I’ve always felt that “buttermilk” is a misleading term. It implies a richer form of ordinary milk, when in fact most buttermilk is about as rich as low-fat milk. That makes a lot of sense when you consider where buttermilk comes from, for it’s the liquid that’s leftover when fat (butter) is removed from cream. But if that’s the case, why is buttermilk so thick? And more than that, why is it tangy? The answer to both questions is: lactic acid bacteria. It’s bacteria that make the acid that curdles the proteins that live in the house that Jack built….er, that makes buttermilk thick and tangy. (Sorry, too much time singing nursery rhymes).
But then where do the bacteria come from, and how do they get into the milk to begin with? The answer is that lactic acid bacteria are pretty much everywhere: in the air, on container surfaces, even in the udders of cows. Except when milk is irradiated, live lactic acid bacteria and milk are essentially inseparable. So the question isn’t really where the bacteria come from, but how and why the bacteria are allowed to become so numerous that they affect the taste and texture of milk.
The answer to that is that lactic acid bacteria, like most microbes, will grow and reproduce given food, water, time, temperature and the right pH. Milk provides the food, water and pH and conditions around the farm provided the time and temperature. For farmers of old had no refrigeration equipment. When a cow was milked, the milk went into a container where it sat, warm, a perfect environment for microbial growth.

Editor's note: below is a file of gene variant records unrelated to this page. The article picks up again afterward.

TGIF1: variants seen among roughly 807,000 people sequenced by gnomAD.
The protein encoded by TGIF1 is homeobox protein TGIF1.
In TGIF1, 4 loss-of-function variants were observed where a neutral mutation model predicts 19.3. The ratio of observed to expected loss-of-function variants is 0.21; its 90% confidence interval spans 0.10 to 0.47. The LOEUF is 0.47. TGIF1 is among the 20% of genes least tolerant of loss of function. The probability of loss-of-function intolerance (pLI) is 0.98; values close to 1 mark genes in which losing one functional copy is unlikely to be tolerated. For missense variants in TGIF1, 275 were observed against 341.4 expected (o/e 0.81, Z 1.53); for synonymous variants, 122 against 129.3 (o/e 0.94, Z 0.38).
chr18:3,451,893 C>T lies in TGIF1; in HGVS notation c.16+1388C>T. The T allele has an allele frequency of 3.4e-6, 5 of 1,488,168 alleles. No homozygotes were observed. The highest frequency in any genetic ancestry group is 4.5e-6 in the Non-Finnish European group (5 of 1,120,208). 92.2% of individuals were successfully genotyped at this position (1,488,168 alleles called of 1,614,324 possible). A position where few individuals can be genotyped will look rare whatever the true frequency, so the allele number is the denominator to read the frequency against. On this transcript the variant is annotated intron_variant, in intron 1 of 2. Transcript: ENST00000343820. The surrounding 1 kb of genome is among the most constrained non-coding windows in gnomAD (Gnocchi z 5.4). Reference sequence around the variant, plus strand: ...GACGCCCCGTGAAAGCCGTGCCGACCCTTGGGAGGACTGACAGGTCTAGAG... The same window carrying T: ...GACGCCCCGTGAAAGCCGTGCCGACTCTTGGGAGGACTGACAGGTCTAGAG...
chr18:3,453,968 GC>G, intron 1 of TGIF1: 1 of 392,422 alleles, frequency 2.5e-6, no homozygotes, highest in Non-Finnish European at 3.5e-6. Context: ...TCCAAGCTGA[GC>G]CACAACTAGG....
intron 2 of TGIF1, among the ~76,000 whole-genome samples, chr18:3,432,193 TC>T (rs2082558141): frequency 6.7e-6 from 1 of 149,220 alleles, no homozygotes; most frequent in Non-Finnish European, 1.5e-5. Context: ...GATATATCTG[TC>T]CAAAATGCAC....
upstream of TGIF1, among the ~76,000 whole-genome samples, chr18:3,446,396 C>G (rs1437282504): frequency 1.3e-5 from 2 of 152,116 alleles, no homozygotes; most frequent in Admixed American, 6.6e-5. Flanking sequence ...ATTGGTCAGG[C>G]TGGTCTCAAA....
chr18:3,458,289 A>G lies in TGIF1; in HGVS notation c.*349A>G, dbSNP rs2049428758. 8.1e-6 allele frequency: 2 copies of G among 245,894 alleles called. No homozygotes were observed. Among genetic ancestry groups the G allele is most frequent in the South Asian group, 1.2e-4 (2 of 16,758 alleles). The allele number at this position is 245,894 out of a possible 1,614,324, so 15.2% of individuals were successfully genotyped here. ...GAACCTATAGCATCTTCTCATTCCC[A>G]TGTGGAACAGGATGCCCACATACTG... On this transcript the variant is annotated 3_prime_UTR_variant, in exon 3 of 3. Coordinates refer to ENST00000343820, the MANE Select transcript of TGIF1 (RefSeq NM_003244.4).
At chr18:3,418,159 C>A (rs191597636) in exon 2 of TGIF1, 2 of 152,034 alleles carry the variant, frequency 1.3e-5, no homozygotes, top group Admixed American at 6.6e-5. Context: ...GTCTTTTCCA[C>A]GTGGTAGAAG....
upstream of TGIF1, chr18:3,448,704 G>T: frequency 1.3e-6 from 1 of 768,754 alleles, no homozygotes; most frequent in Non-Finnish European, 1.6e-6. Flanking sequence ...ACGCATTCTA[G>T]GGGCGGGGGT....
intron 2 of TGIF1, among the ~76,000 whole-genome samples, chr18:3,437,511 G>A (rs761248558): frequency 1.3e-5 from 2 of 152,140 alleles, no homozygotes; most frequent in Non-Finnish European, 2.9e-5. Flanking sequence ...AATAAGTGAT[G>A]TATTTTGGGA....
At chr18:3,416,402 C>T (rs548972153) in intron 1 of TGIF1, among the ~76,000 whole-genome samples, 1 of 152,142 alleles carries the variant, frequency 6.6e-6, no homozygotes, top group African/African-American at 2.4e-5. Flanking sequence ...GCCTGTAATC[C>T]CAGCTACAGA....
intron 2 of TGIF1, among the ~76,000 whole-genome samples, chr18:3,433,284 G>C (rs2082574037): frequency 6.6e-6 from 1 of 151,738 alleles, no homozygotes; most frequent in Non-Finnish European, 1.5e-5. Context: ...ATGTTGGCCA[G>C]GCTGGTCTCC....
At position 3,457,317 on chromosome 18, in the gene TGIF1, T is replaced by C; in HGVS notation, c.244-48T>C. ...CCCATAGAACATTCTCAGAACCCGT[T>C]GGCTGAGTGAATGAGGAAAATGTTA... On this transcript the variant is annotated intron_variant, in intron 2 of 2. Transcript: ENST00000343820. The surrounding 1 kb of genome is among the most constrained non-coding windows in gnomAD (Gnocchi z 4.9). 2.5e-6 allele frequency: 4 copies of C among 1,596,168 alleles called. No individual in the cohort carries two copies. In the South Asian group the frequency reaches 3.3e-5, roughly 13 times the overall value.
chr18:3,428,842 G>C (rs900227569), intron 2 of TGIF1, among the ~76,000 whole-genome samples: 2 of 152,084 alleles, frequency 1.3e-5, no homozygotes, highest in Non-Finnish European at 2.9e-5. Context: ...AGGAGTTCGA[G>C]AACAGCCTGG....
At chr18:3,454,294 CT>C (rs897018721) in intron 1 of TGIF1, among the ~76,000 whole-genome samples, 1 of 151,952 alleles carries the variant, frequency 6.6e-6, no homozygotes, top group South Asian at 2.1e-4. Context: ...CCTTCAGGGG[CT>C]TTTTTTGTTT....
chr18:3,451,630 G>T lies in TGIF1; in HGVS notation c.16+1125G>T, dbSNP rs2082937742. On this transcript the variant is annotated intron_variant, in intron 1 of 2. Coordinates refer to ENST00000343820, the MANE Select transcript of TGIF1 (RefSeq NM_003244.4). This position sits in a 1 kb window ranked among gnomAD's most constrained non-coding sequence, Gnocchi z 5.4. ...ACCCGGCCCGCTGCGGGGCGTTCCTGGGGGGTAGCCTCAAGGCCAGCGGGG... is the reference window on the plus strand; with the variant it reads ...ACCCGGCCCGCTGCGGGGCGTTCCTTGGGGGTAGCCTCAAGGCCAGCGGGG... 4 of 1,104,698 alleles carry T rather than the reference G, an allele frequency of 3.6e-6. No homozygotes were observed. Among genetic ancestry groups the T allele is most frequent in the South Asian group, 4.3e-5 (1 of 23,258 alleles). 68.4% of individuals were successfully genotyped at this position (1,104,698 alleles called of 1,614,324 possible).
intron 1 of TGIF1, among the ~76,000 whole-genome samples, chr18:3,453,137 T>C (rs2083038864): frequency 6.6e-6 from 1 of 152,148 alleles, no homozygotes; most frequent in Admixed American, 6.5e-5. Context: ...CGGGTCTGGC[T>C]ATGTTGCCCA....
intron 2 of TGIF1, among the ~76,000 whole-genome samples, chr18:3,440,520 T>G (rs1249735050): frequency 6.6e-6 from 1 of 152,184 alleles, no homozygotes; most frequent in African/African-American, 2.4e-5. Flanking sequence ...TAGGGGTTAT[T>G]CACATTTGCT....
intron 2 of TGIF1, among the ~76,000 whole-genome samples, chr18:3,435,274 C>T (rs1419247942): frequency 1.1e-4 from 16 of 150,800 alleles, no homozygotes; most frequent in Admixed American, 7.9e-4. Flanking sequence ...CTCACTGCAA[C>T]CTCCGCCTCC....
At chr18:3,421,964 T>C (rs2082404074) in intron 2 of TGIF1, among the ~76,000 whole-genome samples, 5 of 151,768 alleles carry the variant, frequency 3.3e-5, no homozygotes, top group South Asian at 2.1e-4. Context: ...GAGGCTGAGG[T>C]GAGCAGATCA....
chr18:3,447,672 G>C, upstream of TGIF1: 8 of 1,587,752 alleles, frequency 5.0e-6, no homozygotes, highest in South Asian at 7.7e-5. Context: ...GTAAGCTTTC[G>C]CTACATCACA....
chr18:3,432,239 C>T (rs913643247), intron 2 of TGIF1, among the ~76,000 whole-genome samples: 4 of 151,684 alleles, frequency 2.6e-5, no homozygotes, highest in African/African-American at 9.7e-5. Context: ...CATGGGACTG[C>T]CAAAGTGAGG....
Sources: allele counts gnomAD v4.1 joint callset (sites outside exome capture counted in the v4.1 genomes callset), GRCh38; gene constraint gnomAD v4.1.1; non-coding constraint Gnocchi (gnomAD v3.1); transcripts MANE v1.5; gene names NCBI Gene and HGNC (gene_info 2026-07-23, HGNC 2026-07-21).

The upshot was that all milk and cream once was, at least to some extent, sour. Soured cream makes sour (“cultured”) butter, and, by extension, sour buttermilk. It wasn’t very long ago at all that people — especially kids and farm hands — loved to drink buttermilk. It’s low in fat which means it chills well, and the tanginess is enlivening to the taste buds. Yuck, you mean people actually drank that stuff??? Yes they did, though it’s important to remember that homemade buttermilk is/was much milder — and thinner — than the kind we buy in stores today. Store bought buttermilk is extremely “ripe” by conventional standards, which makes it less enjoyable to drink but better for leavening quick breads.
And that is/was the other great value of buttermilk on the farm. Combined with baking soda acidic buttermilk creates a reaction that raises the buttermilk biscuits and pancakes we associate with country living.
So it’s versatile stuff, yet it’s poorly understood at a time when so few of us live on farms anymore. Mostly we just buy a jug when a recipe calls for it. However it can be made at home. The easiest way to make buttermilk is to simply make some cultured butter. You get it as a by-product. See?
You just knead the butter and pour it off. Knead and pour it off. In time you have quite a bit of buttermilk.
Just store it in an airtight container and use it as you would any other buttermilk. You can even drink it if you like. If you find it too strong you can add a little milk to it. Or ice. (Very nice).
But then what if you were making sweet cream butter? That’s not made from soured cream, but from fresh cream, which leaves “sweet” buttermilk behind. It tastes just like low-fat milk (because that’s essentially what it is). Drink it, or, if you want to make buttermilk from it, add a little soured buttermilk (or sour cream or yogurt) to it…
… and let it ferment overnight. All done! I should add here that if you want to make buttermilk exclusively for drinking, you can control the tanginess by only letting it ferment for a few hours. Fermented milk drinks are enjoyed the world over, and for good reason. I think they’re a tradition we should bring back here in the States.
Oh, and if you need to make “quick” buttermilk for baking, just add a tablespoon of vinegar to a cup of low fat milk. It’s horrible stuff for drinking, but it will work just fine in recipes.